Enhancing Proteostasis to Combat Age-Related Neurodegenerative Disorders

2009 new Scholar Award in aging

As life spans increase through improvements in medicine and public health, the prevalence of devastating nerve degeneration diseases will inexorably increase to become one of the most severe obstacles to living longer, more fulfilling lives. We are in urgent need of new concepts and approaches to combat several lethal nerve degeneration disorders including Alzheimer's disease (AD) and amyotrophic lateral sclerosis (ALS), which threaten to devastate our aging population. These disorders are associated with the clumping of specific proteins into inactive and toxic assemblies. Surprisingly, humans appear to have no mechanism to reverse this clumping and to restore proteins to function. However, hope may spring from an unlikely source, the bakerís yeast. Yeast express a protein called Hsp104, which is able to dissolve and reactivate proteins that are trapped in toxic and defective assemblies. Hence, we aim to eliminate toxic protein accumulations using Hsp104. We also aim to engineer Hsp104 to work more effectively in this process. We are focusing on two specific proteins that form toxic assemblies: tau, which forms toxic assemblies in Alzheimer's disease, and TDP-43, which forms toxic assemblies in ALS. These studies will provide the foundations for new approaches to attack several devastating disorders that plague humankind.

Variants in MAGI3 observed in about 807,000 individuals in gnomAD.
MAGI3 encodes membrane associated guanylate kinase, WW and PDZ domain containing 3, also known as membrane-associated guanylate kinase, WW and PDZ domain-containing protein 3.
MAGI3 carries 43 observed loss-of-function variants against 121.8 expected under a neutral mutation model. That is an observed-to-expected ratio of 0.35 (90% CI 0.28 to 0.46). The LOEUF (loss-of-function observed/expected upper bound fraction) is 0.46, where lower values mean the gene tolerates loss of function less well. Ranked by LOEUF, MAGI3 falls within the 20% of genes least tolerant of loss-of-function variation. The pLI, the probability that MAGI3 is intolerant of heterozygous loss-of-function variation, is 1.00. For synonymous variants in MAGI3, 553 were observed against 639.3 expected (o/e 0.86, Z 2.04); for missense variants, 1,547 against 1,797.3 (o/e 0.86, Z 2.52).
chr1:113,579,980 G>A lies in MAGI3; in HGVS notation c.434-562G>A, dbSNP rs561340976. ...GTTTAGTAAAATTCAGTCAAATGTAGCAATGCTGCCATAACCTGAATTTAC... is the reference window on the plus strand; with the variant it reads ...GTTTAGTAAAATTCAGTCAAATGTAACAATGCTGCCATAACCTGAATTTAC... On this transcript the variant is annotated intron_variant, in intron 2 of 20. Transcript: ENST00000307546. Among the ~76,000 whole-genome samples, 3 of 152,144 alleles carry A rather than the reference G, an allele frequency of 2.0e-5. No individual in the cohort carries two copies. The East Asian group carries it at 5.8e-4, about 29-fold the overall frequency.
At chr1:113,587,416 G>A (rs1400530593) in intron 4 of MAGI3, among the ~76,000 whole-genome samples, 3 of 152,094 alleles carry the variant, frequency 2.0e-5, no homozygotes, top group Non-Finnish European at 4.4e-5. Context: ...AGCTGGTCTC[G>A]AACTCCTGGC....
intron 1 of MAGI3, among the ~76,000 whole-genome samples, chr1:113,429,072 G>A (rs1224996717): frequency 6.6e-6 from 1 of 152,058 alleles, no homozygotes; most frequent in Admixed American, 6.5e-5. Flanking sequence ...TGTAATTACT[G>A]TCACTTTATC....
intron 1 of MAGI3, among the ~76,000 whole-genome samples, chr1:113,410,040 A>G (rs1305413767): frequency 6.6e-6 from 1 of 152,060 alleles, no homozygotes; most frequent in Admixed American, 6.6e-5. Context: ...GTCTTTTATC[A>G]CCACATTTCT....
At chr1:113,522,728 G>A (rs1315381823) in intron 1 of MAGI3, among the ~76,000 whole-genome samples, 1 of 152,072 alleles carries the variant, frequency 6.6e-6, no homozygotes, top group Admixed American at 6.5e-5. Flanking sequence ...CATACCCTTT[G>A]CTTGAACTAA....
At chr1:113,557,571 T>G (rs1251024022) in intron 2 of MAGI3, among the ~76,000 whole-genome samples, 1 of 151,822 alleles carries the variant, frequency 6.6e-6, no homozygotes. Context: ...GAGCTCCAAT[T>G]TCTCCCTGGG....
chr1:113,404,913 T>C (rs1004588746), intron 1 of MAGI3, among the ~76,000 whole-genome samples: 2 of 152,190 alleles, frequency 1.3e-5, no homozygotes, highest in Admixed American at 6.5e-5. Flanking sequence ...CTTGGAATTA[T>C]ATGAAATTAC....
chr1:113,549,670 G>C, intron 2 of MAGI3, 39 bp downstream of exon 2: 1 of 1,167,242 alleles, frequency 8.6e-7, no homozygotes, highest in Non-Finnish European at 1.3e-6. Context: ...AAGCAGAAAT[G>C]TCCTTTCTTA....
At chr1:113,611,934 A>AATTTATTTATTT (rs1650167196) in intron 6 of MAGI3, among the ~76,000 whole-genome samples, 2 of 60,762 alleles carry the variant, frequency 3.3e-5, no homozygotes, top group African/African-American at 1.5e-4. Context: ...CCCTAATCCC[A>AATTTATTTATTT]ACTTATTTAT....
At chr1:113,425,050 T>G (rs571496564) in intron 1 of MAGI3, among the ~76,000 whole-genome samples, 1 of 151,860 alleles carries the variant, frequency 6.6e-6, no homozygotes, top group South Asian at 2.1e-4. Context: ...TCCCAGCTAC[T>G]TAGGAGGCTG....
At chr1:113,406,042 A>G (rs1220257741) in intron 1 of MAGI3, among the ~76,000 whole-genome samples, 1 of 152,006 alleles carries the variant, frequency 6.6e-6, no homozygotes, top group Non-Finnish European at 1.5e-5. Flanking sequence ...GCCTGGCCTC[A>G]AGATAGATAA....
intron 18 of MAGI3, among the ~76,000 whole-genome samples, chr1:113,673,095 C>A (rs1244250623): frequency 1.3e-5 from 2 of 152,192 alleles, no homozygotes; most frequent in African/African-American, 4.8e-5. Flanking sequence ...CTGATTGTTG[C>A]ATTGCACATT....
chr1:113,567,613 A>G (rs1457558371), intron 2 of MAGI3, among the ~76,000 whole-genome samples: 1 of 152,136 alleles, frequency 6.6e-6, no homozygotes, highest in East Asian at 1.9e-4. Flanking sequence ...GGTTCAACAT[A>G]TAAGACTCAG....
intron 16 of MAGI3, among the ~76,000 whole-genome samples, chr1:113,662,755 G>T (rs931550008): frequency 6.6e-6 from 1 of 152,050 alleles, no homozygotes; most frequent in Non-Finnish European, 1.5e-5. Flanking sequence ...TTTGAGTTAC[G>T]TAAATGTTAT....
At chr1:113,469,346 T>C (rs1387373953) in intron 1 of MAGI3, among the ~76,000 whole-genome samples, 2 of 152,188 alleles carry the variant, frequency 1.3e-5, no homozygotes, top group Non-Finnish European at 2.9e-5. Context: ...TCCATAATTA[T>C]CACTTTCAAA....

Researchers
James Shorter PhD
University of Pennsylvania